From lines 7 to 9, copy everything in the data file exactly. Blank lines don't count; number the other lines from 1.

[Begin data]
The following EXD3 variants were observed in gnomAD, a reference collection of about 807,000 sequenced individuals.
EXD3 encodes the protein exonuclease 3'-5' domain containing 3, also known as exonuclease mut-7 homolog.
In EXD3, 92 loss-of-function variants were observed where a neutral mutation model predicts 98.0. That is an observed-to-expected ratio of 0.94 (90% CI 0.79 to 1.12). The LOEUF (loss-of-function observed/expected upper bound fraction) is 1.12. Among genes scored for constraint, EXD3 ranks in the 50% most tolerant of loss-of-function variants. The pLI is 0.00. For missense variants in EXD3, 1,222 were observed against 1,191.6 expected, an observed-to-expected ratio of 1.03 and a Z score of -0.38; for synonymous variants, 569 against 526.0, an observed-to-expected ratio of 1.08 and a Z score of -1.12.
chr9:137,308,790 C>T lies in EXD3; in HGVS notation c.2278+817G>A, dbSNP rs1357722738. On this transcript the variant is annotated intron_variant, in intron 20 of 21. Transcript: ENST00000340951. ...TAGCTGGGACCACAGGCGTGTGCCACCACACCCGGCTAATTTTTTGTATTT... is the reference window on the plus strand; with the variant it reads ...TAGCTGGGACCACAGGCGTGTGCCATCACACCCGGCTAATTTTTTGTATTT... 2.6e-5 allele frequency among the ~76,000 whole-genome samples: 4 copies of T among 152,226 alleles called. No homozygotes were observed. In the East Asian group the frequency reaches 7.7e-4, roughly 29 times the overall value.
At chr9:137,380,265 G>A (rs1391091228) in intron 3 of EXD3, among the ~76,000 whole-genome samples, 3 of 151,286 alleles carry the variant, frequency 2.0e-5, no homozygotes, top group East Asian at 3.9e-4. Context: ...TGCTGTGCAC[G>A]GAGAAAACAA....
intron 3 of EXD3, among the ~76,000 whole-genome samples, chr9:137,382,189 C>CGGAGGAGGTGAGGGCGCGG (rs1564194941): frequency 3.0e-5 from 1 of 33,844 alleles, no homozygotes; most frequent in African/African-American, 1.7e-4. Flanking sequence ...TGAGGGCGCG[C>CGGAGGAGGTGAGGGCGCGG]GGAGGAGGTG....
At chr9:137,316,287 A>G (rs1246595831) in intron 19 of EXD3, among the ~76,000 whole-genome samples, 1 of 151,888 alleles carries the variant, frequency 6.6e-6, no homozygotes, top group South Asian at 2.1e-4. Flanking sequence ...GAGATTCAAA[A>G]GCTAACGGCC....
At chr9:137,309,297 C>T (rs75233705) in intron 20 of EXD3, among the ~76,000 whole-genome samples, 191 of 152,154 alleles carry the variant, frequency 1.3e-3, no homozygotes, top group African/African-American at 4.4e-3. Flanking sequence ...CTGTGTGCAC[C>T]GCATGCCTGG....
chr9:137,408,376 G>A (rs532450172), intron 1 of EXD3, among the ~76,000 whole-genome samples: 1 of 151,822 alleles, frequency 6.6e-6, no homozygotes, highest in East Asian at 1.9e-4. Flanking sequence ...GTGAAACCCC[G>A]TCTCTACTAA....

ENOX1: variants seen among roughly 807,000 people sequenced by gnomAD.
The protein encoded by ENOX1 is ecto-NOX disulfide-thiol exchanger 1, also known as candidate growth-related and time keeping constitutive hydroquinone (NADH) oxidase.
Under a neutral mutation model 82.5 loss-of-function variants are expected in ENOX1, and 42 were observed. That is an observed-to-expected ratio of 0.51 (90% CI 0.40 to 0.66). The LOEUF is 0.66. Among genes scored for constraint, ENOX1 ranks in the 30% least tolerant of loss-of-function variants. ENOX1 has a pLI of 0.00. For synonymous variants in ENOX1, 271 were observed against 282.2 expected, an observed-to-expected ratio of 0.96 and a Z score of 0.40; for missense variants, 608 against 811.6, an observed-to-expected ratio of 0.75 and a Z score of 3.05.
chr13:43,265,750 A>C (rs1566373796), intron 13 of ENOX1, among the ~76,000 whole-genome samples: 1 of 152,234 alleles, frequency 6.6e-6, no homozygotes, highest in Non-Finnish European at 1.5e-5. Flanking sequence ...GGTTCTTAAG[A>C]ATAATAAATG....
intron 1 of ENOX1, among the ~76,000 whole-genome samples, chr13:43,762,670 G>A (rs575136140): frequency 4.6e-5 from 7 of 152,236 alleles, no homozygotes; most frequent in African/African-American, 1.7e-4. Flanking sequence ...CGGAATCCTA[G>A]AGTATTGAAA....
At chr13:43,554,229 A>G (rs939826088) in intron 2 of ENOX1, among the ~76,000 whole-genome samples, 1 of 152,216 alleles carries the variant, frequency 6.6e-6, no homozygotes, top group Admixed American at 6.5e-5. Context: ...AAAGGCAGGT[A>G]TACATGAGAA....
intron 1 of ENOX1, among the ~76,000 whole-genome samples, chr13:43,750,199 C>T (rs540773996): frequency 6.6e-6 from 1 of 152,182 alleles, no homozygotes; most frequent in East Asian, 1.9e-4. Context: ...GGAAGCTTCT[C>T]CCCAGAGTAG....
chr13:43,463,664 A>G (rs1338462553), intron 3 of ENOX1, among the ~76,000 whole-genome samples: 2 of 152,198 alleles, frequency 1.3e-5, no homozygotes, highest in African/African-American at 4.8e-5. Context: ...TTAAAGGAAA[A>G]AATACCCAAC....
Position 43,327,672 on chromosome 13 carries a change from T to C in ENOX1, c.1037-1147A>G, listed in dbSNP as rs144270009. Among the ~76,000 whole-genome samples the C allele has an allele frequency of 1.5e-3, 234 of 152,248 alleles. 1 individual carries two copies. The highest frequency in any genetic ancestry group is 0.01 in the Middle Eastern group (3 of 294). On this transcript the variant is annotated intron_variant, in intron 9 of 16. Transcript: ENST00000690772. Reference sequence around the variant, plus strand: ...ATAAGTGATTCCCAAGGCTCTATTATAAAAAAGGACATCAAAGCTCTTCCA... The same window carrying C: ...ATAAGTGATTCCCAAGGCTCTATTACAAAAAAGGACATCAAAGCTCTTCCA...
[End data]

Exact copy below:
At chr9:137,316,287 A>G (rs1246595831) in intron 19 of EXD3, among the ~76,000 whole-genome samples, 1 of 151,888 alleles carries the variant, frequency 6.6e-6, no homozygotes, top group South Asian at 2.1e-4. Flanking sequence ...GAGATTCAAA[A>G]GCTAACGGCC....
At chr9:137,309,297 C>T (rs75233705) in intron 20 of EXD3, among the ~76,000 whole-genome samples, 191 of 152,154 alleles carry the variant, frequency 1.3e-3, no homozygotes, top group African/African-American at 4.4e-3. Flanking sequence ...CTGTGTGCAC[C>T]GCATGCCTGG....
chr9:137,408,376 G>A (rs532450172), intron 1 of EXD3, among the ~76,000 whole-genome samples: 1 of 151,822 alleles, frequency 6.6e-6, no homozygotes, highest in East Asian at 1.9e-4. Flanking sequence ...GTGAAACCCC[G>A]TCTCTACTAA....